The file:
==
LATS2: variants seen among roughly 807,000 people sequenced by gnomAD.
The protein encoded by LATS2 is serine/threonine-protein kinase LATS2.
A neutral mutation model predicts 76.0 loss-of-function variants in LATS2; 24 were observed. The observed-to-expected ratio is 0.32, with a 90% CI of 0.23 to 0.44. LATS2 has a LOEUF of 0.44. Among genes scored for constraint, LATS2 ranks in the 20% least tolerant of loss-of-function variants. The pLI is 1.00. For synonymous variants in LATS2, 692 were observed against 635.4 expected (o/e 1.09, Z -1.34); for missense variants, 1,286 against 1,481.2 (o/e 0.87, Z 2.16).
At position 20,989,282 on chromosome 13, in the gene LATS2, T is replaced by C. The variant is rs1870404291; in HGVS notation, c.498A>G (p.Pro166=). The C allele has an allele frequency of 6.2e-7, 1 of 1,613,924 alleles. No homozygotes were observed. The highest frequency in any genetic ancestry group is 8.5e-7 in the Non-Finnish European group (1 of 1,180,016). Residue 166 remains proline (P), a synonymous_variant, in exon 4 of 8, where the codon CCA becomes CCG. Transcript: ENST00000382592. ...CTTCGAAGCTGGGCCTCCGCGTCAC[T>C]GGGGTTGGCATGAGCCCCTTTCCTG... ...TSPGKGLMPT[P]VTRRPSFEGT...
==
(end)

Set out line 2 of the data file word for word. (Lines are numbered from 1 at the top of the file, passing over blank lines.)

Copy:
The protein encoded by LATS2 is serine/threonine-protein kinase LATS2.